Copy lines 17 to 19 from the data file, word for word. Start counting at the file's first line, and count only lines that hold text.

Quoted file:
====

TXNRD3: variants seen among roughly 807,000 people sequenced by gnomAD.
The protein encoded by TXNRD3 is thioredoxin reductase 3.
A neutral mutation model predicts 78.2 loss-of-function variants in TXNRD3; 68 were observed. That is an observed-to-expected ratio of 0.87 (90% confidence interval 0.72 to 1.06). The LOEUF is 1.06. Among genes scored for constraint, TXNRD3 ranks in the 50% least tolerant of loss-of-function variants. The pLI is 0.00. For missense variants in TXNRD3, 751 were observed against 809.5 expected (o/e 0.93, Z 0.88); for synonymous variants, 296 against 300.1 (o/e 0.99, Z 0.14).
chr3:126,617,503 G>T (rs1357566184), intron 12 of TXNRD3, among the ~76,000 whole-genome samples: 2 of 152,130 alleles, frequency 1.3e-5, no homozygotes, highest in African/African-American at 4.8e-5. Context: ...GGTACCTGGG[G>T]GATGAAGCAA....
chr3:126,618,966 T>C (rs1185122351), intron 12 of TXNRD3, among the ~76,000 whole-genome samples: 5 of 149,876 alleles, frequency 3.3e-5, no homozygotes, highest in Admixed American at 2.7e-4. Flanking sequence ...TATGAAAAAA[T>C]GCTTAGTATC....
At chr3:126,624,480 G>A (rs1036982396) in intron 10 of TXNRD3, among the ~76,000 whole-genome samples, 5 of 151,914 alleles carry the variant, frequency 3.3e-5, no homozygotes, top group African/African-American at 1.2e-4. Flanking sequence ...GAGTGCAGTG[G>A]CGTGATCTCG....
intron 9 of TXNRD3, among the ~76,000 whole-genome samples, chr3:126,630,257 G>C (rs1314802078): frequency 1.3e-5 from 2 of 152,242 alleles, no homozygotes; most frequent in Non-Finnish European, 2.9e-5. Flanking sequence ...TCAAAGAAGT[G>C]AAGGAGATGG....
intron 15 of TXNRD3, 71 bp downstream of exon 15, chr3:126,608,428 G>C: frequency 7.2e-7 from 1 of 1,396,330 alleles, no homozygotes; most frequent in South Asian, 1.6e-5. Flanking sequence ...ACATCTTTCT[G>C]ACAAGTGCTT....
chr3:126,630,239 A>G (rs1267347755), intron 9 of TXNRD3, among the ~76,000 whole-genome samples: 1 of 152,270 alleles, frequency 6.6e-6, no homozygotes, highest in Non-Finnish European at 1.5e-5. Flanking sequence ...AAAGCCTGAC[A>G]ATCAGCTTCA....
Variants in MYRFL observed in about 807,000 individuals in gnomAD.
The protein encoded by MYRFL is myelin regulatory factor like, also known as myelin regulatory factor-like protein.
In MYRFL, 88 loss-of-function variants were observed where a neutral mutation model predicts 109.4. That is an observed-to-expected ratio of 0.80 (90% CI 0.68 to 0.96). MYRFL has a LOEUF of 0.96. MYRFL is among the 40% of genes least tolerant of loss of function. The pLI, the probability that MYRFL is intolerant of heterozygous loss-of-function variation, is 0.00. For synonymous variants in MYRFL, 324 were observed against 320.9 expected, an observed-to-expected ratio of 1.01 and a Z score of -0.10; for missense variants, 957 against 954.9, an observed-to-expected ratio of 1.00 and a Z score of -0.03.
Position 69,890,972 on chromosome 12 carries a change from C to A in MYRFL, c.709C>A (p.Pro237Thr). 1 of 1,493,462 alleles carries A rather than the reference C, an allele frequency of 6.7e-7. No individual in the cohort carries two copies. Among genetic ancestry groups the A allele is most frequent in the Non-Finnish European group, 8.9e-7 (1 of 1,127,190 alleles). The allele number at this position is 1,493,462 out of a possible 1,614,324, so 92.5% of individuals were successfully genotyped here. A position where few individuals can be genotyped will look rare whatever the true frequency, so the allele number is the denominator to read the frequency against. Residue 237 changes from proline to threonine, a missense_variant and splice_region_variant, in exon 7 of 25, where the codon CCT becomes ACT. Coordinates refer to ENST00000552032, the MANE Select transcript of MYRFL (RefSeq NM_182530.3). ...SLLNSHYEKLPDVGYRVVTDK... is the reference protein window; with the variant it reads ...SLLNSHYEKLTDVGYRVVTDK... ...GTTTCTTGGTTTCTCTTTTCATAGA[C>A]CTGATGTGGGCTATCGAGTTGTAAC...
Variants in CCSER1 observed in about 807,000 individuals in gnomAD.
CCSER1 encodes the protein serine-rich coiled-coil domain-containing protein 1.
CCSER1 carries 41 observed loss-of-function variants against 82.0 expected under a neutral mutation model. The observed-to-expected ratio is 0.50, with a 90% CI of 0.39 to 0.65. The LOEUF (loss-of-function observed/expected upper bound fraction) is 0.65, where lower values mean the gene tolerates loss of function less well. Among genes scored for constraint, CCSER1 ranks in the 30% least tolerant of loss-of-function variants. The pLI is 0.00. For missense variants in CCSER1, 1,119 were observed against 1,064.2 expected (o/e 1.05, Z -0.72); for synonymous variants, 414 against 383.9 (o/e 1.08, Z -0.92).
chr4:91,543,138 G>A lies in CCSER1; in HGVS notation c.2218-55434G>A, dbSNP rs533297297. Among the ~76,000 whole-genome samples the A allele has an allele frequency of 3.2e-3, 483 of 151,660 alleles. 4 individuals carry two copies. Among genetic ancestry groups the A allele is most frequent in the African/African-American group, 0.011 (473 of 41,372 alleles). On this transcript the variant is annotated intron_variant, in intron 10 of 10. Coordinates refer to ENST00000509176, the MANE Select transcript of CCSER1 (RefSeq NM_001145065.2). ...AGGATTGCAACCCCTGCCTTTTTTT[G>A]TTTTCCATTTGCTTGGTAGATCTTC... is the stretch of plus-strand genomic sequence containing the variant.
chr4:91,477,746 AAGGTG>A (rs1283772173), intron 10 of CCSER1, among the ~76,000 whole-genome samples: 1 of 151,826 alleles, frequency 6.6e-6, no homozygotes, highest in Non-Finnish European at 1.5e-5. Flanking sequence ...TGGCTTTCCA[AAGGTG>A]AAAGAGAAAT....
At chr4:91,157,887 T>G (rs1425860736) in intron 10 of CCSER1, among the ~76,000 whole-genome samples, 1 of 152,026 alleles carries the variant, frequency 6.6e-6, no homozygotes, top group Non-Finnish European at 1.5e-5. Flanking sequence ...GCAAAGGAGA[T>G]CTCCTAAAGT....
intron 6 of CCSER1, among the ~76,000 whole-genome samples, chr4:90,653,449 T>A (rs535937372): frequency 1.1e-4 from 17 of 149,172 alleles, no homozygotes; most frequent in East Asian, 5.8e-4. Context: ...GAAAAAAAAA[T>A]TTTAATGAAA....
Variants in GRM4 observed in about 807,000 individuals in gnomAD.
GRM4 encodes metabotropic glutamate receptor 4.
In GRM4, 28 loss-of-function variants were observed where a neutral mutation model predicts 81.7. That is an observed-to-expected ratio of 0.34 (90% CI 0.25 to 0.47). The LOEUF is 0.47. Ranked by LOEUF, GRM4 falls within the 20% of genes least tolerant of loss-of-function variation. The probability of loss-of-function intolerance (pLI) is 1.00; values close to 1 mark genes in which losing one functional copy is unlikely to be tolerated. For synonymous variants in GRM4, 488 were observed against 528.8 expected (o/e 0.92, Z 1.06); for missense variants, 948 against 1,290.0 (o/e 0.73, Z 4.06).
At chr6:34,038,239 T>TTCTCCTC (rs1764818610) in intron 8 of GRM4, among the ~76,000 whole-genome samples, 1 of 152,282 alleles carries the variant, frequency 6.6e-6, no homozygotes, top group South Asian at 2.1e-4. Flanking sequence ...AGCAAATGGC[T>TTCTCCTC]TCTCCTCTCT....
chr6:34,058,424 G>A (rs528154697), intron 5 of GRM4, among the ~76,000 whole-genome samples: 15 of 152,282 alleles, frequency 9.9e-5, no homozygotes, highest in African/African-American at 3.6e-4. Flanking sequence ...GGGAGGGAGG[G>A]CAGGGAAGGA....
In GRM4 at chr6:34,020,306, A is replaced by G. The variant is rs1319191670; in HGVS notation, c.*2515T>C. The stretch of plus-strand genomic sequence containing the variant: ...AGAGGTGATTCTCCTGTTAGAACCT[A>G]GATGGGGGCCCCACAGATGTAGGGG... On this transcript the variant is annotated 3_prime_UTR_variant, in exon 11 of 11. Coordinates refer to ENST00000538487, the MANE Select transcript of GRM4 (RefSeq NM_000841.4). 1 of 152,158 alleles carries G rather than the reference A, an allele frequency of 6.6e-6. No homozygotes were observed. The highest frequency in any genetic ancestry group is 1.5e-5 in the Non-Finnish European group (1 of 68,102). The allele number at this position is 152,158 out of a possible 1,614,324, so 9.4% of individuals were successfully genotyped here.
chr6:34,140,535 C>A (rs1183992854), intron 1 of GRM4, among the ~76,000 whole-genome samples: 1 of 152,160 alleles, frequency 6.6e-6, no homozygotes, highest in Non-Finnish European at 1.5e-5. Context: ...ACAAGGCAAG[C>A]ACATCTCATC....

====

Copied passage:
chr4:91,543,138 G>A lies in CCSER1; in HGVS notation c.2218-55434G>A, dbSNP rs533297297. Among the ~76,000 whole-genome samples the A allele has an allele frequency of 3.2e-3, 483 of 151,660 alleles. 4 individuals carry two copies. Among genetic ancestry groups the A allele is most frequent in the African/African-American group, 0.011 (473 of 41,372 alleles). On this transcript the variant is annotated intron_variant, in intron 10 of 10. Coordinates refer to ENST00000509176, the MANE Select transcript of CCSER1 (RefSeq NM_001145065.2). ...AGGATTGCAACCCCTGCCTTTTTTT[G>A]TTTTCCATTTGCTTGGTAGATCTTC... is the stretch of plus-strand genomic sequence containing the variant.
chr4:91,477,746 AAGGTG>A (rs1283772173), intron 10 of CCSER1, among the ~76,000 whole-genome samples: 1 of 151,826 alleles, frequency 6.6e-6, no homozygotes, highest in Non-Finnish European at 1.5e-5. Flanking sequence ...TGGCTTTCCA[AAGGTG>A]AAAGAGAAAT....
At chr4:91,157,887 T>G (rs1425860736) in intron 10 of CCSER1, among the ~76,000 whole-genome samples, 1 of 152,026 alleles carries the variant, frequency 6.6e-6, no homozygotes, top group Non-Finnish European at 1.5e-5. Flanking sequence ...GCAAAGGAGA[T>G]CTCCTAAAGT....